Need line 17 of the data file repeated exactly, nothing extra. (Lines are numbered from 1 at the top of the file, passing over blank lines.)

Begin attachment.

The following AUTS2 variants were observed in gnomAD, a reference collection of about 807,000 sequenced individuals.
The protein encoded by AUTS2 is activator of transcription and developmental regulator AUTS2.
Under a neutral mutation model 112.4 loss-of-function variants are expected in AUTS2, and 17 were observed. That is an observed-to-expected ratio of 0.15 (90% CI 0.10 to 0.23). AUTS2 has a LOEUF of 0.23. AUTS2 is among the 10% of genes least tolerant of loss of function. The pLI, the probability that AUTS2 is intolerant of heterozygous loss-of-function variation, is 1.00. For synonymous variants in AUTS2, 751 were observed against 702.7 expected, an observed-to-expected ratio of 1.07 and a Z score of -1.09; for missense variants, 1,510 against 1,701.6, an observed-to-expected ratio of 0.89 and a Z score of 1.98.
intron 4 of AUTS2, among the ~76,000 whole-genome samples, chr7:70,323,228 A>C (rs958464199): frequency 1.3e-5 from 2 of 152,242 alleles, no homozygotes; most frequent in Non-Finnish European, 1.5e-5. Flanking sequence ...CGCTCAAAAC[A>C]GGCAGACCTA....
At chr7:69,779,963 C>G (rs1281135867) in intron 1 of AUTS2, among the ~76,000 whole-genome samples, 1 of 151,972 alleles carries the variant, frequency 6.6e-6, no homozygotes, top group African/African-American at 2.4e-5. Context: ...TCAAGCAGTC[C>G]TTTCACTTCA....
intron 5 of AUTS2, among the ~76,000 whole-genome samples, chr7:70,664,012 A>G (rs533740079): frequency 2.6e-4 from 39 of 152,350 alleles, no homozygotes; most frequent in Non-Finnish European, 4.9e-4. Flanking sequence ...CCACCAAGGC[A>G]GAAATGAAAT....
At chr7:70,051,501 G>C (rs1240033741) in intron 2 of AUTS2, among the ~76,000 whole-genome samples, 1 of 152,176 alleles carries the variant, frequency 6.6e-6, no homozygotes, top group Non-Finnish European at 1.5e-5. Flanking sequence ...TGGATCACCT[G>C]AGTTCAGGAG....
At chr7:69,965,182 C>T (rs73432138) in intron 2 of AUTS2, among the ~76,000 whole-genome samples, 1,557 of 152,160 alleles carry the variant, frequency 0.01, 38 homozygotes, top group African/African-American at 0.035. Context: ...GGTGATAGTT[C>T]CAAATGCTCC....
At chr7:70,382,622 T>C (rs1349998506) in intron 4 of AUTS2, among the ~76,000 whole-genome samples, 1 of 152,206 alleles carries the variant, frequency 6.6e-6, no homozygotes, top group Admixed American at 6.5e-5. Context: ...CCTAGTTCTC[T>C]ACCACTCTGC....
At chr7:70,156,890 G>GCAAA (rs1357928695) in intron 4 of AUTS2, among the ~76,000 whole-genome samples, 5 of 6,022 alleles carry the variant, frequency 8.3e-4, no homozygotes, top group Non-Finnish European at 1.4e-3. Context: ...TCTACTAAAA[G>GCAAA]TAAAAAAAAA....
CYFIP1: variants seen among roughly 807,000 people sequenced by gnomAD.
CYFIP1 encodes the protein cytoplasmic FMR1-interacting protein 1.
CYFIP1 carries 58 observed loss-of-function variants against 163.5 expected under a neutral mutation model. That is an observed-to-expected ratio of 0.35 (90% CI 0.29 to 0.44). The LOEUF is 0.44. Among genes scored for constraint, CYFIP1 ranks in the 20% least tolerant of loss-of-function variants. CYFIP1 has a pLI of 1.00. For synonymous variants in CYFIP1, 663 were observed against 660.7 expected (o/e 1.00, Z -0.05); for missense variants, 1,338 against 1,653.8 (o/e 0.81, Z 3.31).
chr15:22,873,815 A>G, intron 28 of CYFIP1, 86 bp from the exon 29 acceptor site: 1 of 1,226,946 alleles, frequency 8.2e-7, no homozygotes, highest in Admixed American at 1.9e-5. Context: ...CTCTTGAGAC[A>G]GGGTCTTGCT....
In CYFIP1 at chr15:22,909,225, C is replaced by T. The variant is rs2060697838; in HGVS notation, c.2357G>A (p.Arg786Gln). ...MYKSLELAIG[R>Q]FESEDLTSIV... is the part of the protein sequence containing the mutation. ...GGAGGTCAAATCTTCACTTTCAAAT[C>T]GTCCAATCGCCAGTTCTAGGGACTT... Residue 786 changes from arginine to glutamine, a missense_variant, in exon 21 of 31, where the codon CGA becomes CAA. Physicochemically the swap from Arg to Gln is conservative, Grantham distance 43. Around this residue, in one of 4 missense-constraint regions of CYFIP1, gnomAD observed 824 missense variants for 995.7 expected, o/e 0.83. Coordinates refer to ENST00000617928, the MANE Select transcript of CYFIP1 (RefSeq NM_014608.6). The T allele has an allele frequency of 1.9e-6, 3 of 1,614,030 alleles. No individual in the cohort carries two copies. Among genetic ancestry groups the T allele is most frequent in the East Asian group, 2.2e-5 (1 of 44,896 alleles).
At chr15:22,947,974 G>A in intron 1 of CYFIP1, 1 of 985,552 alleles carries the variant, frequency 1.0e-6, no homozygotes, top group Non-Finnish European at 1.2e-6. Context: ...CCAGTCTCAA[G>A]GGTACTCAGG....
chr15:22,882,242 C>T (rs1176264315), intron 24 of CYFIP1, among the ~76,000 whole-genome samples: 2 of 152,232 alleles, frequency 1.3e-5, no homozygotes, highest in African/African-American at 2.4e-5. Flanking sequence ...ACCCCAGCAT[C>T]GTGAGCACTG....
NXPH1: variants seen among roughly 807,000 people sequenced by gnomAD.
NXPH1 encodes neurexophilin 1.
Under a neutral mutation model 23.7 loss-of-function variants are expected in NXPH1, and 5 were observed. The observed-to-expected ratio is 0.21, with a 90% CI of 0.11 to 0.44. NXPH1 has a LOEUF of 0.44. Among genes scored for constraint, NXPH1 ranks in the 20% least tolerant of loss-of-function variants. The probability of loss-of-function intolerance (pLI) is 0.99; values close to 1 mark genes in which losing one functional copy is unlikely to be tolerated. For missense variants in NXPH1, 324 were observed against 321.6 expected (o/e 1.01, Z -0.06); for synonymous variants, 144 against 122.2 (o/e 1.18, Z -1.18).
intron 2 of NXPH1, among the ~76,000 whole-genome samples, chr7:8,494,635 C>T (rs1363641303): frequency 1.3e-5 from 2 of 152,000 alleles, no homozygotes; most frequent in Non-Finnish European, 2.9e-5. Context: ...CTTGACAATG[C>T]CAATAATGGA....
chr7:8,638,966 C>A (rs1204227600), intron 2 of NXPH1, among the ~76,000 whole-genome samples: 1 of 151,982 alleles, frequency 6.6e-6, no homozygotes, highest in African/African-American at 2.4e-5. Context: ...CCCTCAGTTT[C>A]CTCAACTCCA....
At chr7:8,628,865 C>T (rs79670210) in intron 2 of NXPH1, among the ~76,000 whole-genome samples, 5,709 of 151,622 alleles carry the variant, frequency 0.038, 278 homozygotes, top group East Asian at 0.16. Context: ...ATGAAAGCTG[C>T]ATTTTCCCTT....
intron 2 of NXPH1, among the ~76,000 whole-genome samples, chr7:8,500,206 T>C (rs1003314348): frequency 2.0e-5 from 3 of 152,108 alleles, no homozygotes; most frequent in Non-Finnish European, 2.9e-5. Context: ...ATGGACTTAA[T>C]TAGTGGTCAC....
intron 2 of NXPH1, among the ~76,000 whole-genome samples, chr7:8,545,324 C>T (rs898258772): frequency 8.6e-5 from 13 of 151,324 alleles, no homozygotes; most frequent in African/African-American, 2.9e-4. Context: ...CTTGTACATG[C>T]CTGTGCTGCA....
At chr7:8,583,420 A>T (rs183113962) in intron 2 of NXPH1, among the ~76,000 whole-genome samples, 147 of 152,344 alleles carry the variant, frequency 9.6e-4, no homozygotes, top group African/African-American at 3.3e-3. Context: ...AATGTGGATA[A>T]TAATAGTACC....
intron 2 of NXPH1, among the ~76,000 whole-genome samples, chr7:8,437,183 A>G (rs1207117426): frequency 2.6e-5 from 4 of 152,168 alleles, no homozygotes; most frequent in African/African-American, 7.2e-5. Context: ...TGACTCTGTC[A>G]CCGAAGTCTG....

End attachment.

chr15:22,882,242 C>T (rs1176264315), intron 24 of CYFIP1, among the ~76,000 whole-genome samples: 2 of 152,232 alleles, frequency 1.3e-5, no homozygotes, highest in African/African-American at 2.4e-5. Flanking sequence ...ACCCCAGCAT[C>T]GTGAGCACTG....